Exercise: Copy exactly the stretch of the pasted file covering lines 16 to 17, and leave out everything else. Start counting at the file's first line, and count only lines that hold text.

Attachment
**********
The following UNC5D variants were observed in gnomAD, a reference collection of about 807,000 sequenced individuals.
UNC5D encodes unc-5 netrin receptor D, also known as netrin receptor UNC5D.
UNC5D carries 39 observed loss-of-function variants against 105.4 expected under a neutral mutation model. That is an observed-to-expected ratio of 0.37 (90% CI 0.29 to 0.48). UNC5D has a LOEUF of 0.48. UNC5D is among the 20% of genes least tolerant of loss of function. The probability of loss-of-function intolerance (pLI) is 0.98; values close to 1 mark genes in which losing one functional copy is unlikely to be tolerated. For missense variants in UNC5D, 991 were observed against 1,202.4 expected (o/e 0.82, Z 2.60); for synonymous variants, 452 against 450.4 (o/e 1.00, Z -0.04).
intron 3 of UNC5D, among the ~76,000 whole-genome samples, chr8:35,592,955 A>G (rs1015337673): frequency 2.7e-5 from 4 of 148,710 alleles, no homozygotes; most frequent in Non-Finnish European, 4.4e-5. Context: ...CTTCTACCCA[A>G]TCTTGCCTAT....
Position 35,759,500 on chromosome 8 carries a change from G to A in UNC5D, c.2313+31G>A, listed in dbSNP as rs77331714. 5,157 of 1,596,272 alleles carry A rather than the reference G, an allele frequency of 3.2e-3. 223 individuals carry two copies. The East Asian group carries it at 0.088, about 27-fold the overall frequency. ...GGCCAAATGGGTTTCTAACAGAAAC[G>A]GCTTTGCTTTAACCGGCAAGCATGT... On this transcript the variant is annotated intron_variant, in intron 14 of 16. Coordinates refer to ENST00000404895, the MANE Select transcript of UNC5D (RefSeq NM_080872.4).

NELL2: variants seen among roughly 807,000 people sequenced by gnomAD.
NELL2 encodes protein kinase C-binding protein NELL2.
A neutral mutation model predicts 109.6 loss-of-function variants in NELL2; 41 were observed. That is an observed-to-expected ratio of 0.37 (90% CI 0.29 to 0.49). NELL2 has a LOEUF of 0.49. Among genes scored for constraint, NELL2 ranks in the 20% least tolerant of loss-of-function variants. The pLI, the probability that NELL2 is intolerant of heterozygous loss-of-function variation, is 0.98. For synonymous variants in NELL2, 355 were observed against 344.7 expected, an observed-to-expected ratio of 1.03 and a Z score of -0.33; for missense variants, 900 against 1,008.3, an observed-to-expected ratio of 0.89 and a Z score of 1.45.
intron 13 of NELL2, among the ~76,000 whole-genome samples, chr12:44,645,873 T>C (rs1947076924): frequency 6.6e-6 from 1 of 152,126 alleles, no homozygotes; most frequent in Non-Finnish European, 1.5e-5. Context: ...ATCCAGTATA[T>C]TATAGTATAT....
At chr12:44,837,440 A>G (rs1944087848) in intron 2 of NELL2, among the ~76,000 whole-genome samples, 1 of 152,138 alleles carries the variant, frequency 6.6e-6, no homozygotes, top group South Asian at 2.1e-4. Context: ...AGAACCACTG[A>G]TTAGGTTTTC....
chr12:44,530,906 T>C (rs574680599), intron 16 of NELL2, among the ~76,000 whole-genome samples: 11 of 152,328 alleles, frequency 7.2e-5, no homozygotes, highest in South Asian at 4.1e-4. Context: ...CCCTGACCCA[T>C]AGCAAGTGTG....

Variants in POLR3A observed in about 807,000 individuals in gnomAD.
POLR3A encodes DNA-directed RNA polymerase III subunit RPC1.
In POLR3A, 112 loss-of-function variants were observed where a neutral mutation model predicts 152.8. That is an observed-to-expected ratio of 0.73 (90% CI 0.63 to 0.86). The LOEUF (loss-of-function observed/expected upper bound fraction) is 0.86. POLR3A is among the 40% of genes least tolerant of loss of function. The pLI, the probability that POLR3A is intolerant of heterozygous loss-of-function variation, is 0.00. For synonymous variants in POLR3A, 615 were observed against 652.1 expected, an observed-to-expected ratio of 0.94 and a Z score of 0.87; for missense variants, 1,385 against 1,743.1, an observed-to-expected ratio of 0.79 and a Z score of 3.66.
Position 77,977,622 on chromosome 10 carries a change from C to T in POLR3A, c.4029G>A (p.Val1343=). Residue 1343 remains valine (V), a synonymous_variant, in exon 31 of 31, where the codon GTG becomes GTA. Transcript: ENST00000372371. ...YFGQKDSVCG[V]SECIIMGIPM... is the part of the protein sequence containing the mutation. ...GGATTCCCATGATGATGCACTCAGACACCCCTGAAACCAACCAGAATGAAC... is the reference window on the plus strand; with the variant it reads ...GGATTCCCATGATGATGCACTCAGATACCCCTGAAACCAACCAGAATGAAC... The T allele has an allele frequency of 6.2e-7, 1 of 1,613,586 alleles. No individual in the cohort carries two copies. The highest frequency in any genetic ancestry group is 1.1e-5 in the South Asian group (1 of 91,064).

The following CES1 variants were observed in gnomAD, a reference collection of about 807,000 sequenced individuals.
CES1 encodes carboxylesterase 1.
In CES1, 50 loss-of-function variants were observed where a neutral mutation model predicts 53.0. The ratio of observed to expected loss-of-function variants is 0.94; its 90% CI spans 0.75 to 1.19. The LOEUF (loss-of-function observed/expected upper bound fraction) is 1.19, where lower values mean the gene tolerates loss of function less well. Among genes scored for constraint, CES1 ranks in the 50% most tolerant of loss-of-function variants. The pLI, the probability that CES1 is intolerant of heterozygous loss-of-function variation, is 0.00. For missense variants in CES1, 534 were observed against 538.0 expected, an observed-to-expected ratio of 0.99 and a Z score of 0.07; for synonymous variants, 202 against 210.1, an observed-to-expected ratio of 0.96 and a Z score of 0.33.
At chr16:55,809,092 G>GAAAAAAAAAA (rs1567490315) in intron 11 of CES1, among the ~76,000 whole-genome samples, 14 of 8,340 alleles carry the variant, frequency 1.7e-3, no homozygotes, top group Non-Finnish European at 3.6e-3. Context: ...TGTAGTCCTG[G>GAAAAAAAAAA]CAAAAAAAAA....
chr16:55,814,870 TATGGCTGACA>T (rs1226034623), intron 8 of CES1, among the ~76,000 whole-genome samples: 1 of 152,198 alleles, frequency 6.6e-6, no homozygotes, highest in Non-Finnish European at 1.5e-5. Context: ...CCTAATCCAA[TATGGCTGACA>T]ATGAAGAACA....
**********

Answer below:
The following CES1 variants were observed in gnomAD, a reference collection of about 807,000 sequenced individuals.
CES1 encodes carboxylesterase 1.